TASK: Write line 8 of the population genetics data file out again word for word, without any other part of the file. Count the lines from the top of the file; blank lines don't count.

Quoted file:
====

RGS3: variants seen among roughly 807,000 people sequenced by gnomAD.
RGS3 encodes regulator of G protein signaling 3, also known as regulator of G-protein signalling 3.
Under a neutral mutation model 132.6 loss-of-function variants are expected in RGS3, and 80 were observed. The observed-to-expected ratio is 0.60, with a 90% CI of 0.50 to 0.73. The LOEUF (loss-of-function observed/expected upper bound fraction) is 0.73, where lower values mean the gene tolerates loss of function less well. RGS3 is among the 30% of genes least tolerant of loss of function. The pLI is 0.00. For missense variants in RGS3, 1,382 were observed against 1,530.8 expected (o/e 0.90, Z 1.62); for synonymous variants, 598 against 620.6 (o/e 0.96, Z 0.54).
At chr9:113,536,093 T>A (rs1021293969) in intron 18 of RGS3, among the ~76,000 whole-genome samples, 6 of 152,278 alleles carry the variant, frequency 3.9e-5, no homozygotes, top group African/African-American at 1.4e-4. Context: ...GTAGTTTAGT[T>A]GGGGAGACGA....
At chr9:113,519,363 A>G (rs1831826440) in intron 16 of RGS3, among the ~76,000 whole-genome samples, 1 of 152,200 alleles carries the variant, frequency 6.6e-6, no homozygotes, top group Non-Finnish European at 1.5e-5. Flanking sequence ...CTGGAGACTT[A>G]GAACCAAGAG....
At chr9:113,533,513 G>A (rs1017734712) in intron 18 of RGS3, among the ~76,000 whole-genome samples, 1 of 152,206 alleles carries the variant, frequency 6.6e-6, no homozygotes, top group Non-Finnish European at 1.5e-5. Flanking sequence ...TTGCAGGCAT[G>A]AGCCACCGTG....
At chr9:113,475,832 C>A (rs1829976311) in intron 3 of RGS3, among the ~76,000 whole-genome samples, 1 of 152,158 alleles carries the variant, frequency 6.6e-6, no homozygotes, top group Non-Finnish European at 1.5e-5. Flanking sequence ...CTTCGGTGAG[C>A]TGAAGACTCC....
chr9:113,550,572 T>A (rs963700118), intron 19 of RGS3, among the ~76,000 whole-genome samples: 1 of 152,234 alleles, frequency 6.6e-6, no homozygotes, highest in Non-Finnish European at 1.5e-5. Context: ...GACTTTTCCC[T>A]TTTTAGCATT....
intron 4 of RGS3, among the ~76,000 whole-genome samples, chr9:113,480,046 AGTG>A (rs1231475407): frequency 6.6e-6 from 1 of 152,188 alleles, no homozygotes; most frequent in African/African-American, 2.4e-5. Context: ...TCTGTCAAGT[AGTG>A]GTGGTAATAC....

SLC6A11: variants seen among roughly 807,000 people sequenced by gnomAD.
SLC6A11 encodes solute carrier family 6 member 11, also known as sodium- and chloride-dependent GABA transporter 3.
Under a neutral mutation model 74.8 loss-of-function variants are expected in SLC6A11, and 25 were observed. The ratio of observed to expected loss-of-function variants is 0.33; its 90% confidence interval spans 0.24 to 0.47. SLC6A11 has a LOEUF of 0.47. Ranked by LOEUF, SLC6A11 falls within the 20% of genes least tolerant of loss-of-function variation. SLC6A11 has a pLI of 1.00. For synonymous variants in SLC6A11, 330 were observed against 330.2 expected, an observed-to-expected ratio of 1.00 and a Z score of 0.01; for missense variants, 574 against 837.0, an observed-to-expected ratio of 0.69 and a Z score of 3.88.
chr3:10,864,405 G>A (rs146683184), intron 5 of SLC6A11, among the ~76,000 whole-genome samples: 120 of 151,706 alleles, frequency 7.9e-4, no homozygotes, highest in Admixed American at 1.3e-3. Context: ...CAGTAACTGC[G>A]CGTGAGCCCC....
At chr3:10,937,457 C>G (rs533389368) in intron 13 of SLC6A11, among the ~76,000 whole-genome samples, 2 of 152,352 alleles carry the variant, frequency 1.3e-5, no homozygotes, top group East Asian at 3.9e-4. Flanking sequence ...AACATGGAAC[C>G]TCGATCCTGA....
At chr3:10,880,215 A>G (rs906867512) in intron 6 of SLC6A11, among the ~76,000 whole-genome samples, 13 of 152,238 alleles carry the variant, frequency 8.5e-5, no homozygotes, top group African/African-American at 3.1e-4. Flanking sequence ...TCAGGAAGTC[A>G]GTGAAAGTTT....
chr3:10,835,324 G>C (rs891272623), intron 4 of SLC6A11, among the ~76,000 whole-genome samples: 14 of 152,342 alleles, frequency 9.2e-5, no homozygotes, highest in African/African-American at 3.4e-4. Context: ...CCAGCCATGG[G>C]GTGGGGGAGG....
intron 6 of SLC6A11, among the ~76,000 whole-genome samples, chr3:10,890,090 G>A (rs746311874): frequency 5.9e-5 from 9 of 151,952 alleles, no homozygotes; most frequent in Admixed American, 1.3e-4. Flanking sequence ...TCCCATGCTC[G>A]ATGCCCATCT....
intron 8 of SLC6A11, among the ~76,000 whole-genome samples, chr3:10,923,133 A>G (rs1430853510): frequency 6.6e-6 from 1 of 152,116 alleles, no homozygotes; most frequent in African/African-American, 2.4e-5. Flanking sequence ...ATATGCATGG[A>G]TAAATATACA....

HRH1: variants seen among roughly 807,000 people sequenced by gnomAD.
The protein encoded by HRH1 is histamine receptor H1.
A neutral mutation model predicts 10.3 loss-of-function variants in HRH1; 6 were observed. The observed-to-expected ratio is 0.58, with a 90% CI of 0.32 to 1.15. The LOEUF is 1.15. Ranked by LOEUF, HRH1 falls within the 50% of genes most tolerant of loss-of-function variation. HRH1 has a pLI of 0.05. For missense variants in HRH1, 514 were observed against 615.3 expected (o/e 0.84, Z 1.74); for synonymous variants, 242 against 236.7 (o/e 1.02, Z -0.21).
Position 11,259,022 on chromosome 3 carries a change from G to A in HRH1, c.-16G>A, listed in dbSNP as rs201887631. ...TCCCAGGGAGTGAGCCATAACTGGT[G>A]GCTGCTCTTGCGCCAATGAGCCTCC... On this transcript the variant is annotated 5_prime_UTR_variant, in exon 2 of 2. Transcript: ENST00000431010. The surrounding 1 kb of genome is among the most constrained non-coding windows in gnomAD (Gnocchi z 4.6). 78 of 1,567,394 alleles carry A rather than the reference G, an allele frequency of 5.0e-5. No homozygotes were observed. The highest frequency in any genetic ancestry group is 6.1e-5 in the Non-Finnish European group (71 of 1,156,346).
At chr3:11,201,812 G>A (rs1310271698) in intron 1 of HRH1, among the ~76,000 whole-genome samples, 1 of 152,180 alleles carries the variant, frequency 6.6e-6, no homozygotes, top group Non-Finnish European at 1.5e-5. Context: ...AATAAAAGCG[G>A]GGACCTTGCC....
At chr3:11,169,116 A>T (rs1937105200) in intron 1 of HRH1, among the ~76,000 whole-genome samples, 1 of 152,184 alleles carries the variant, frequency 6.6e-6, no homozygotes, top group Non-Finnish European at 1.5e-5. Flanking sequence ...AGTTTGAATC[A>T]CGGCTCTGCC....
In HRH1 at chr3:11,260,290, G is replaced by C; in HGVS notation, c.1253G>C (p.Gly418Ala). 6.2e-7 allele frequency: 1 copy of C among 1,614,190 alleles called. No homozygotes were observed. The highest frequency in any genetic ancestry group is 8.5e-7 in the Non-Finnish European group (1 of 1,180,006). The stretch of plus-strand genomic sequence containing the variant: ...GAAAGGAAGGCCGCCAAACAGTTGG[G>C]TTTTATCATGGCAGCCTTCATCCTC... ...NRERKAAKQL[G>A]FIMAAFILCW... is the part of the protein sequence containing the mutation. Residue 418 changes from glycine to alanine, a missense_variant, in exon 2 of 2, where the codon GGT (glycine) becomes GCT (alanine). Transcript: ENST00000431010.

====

chr9:113,550,572 T>A (rs963700118), intron 19 of RGS3, among the ~76,000 whole-genome samples: 1 of 152,234 alleles, frequency 6.6e-6, no homozygotes, highest in Non-Finnish European at 1.5e-5. Context: ...GACTTTTCCC[T>A]TTTTAGCATT....